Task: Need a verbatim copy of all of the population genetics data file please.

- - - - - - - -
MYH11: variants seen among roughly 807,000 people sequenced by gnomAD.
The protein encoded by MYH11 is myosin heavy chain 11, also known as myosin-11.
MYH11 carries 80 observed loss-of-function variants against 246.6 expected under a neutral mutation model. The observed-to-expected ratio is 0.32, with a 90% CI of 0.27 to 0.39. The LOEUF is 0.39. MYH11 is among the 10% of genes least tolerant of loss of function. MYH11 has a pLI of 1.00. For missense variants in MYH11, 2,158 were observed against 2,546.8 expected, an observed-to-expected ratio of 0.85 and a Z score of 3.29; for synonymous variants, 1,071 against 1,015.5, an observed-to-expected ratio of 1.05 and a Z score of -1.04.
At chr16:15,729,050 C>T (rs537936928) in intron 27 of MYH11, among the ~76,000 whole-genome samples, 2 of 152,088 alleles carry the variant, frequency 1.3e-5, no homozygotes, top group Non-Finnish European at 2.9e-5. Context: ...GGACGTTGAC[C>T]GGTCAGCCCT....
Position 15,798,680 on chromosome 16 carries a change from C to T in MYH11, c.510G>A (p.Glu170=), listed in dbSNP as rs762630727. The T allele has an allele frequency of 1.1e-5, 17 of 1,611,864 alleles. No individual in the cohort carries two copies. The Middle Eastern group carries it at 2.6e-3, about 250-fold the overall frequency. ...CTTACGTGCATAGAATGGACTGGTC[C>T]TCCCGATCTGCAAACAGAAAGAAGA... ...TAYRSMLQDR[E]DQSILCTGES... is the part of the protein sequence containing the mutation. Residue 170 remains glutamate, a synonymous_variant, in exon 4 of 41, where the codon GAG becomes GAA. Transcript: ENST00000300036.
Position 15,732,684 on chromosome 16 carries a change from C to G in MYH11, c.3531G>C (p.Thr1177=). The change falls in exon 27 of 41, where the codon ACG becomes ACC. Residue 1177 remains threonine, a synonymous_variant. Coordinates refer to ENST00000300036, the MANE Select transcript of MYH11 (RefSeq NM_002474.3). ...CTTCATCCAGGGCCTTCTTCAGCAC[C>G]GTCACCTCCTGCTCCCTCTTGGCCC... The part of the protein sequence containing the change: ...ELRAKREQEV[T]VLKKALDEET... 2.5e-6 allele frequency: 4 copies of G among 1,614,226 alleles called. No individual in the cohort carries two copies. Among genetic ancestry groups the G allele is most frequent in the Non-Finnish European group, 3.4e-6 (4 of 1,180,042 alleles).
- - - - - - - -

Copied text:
MYH11: variants seen among roughly 807,000 people sequenced by gnomAD.
The protein encoded by MYH11 is myosin heavy chain 11, also known as myosin-11.
MYH11 carries 80 observed loss-of-function variants against 246.6 expected under a neutral mutation model. The observed-to-expected ratio is 0.32, with a 90% CI of 0.27 to 0.39. The LOEUF is 0.39. MYH11 is among the 10% of genes least tolerant of loss of function. MYH11 has a pLI of 1.00. For missense variants in MYH11, 2,158 were observed against 2,546.8 expected, an observed-to-expected ratio of 0.85 and a Z score of 3.29; for synonymous variants, 1,071 against 1,015.5, an observed-to-expected ratio of 1.05 and a Z score of -1.04.
At chr16:15,729,050 C>T (rs537936928) in intron 27 of MYH11, among the ~76,000 whole-genome samples, 2 of 152,088 alleles carry the variant, frequency 1.3e-5, no homozygotes, top group Non-Finnish European at 2.9e-5. Context: ...GGACGTTGAC[C>T]GGTCAGCCCT....
Position 15,798,680 on chromosome 16 carries a change from C to T in MYH11, c.510G>A (p.Glu170=), listed in dbSNP as rs762630727. The T allele has an allele frequency of 1.1e-5, 17 of 1,611,864 alleles. No individual in the cohort carries two copies. The Middle Eastern group carries it at 2.6e-3, about 250-fold the overall frequency. ...CTTACGTGCATAGAATGGACTGGTC[C>T]TCCCGATCTGCAAACAGAAAGAAGA... ...TAYRSMLQDR[E]DQSILCTGES... is the part of the protein sequence containing the mutation. Residue 170 remains glutamate, a synonymous_variant, in exon 4 of 41, where the codon GAG becomes GAA. Transcript: ENST00000300036.
Position 15,732,684 on chromosome 16 carries a change from C to G in MYH11, c.3531G>C (p.Thr1177=). The change falls in exon 27 of 41, where the codon ACG becomes ACC. Residue 1177 remains threonine, a synonymous_variant. Coordinates refer to ENST00000300036, the MANE Select transcript of MYH11 (RefSeq NM_002474.3). ...CTTCATCCAGGGCCTTCTTCAGCAC[C>G]GTCACCTCCTGCTCCCTCTTGGCCC... The part of the protein sequence containing the change: ...ELRAKREQEV[T]VLKKALDEET... 2.5e-6 allele frequency: 4 copies of G among 1,614,226 alleles called. No individual in the cohort carries two copies. Among genetic ancestry groups the G allele is most frequent in the Non-Finnish European group, 3.4e-6 (4 of 1,180,042 alleles).